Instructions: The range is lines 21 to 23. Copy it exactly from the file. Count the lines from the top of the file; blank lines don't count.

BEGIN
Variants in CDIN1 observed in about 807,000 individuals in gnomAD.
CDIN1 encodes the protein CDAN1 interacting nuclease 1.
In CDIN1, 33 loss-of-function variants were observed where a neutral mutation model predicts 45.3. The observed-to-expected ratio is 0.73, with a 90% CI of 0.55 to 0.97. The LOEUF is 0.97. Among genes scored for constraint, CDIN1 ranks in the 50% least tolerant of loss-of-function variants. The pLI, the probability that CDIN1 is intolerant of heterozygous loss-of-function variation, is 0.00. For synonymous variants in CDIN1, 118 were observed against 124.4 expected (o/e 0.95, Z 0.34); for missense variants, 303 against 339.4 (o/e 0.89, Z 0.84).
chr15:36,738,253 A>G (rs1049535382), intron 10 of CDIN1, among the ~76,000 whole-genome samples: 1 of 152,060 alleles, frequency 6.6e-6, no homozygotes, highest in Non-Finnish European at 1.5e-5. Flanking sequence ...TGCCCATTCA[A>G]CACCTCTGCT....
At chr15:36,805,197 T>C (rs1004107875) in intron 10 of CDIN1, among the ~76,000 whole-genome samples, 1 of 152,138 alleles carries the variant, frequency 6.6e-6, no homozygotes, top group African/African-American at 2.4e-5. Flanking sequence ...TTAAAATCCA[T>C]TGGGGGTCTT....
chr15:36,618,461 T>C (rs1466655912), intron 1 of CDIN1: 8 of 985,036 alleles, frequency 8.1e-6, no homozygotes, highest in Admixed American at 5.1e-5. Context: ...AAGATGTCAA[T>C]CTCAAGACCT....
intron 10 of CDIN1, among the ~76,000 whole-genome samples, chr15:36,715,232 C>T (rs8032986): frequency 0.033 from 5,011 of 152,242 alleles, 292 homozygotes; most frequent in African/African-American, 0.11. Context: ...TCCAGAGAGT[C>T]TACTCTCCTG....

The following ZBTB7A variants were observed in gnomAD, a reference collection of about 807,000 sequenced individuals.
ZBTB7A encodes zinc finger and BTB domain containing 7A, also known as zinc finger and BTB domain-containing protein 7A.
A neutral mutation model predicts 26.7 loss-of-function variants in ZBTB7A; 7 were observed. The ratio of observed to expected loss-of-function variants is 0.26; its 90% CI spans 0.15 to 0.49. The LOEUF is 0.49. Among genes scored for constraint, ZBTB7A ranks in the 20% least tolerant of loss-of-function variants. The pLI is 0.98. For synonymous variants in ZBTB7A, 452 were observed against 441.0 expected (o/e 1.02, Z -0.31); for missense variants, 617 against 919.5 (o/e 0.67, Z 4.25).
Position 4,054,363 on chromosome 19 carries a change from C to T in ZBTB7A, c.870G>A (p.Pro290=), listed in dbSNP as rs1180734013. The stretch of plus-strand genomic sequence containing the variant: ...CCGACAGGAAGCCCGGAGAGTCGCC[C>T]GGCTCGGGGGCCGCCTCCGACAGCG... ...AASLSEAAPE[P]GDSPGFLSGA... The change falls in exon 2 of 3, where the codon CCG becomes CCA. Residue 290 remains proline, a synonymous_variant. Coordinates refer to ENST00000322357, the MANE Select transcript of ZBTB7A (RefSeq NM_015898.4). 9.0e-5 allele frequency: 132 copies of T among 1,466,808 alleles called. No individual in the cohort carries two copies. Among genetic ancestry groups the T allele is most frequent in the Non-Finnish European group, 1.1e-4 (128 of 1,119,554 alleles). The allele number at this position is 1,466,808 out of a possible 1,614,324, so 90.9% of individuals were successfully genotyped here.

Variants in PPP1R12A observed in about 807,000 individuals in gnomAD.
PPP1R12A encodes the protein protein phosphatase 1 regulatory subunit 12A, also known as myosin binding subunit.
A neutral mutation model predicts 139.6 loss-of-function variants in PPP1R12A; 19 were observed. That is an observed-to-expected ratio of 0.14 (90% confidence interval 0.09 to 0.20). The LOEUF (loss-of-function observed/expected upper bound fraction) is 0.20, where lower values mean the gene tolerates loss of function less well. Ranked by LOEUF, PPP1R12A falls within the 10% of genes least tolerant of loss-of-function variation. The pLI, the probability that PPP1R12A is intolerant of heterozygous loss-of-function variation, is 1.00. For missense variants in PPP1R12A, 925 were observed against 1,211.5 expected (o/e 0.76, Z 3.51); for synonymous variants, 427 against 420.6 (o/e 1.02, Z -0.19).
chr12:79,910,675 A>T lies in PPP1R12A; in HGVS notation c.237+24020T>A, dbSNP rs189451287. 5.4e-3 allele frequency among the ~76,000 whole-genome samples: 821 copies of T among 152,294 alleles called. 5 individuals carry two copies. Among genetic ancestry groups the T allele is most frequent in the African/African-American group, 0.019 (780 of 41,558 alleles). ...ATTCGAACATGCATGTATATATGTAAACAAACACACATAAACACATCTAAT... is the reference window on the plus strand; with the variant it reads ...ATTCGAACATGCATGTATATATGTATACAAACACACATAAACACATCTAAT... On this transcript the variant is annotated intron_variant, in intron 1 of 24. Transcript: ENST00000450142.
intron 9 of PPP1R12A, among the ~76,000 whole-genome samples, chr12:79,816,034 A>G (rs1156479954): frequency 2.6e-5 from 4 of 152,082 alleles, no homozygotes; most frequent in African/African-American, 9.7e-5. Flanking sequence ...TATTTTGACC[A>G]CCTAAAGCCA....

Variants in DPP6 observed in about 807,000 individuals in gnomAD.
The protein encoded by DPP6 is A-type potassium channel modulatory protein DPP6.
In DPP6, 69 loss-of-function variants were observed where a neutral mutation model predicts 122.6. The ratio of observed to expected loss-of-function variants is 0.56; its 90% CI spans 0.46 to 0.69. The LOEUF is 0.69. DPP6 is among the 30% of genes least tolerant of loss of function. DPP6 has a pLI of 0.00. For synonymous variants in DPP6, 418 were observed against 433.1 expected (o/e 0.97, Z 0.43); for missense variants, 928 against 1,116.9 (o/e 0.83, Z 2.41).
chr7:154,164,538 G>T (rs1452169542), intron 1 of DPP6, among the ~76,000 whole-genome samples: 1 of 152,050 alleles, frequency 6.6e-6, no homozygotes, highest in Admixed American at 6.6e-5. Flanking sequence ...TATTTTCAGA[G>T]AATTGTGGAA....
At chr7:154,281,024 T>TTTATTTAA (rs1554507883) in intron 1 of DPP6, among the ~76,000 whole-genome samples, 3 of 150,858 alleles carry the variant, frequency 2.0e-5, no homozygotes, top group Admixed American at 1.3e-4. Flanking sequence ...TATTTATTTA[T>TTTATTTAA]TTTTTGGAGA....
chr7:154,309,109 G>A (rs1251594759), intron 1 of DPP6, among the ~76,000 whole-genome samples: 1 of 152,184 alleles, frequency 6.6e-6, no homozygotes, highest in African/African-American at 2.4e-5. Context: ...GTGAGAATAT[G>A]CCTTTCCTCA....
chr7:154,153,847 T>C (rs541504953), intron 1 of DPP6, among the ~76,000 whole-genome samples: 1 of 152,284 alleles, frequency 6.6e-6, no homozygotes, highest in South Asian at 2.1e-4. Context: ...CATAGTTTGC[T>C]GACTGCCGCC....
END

At chr7:154,281,024 T>TTTATTTAA (rs1554507883) in intron 1 of DPP6, among the ~76,000 whole-genome samples, 3 of 150,858 alleles carry the variant, frequency 2.0e-5, no homozygotes, top group Admixed American at 1.3e-4. Flanking sequence ...TATTTATTTA[T>TTTATTTAA]TTTTTGGAGA....
chr7:154,309,109 G>A (rs1251594759), intron 1 of DPP6, among the ~76,000 whole-genome samples: 1 of 152,184 alleles, frequency 6.6e-6, no homozygotes, highest in African/African-American at 2.4e-5. Context: ...GTGAGAATAT[G>A]CCTTTCCTCA....
chr7:154,153,847 T>C (rs541504953), intron 1 of DPP6, among the ~76,000 whole-genome samples: 1 of 152,284 alleles, frequency 6.6e-6, no homozygotes, highest in South Asian at 2.1e-4. Context: ...CATAGTTTGC[T>C]GACTGCCGCC....